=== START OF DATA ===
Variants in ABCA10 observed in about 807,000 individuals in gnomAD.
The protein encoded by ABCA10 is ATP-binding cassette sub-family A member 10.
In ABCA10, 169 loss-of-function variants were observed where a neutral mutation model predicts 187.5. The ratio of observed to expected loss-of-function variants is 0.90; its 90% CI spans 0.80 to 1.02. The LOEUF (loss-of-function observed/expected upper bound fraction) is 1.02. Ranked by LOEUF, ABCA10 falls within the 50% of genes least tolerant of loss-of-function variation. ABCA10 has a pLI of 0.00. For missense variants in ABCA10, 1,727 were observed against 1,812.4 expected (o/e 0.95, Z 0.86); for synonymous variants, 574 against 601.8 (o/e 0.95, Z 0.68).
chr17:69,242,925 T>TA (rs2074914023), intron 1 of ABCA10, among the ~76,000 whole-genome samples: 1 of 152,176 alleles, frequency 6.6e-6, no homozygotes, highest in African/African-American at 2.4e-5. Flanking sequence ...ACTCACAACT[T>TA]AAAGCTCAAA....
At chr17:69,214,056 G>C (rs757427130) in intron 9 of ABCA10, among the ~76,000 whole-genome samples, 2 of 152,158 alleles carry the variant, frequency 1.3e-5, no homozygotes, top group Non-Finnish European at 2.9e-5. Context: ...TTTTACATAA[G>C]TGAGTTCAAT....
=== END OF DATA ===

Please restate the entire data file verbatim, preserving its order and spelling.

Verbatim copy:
Variants in ABCA10 observed in about 807,000 individuals in gnomAD.
The protein encoded by ABCA10 is ATP-binding cassette sub-family A member 10.
In ABCA10, 169 loss-of-function variants were observed where a neutral mutation model predicts 187.5. The ratio of observed to expected loss-of-function variants is 0.90; its 90% CI spans 0.80 to 1.02. The LOEUF (loss-of-function observed/expected upper bound fraction) is 1.02. Ranked by LOEUF, ABCA10 falls within the 50% of genes least tolerant of loss-of-function variation. ABCA10 has a pLI of 0.00. For missense variants in ABCA10, 1,727 were observed against 1,812.4 expected (o/e 0.95, Z 0.86); for synonymous variants, 574 against 601.8 (o/e 0.95, Z 0.68).
chr17:69,242,925 T>TA (rs2074914023), intron 1 of ABCA10, among the ~76,000 whole-genome samples: 1 of 152,176 alleles, frequency 6.6e-6, no homozygotes, highest in African/African-American at 2.4e-5. Flanking sequence ...ACTCACAACT[T>TA]AAAGCTCAAA....
At chr17:69,214,056 G>C (rs757427130) in intron 9 of ABCA10, among the ~76,000 whole-genome samples, 2 of 152,158 alleles carry the variant, frequency 1.3e-5, no homozygotes, top group Non-Finnish European at 2.9e-5. Context: ...TTTTACATAA[G>C]TGAGTTCAAT....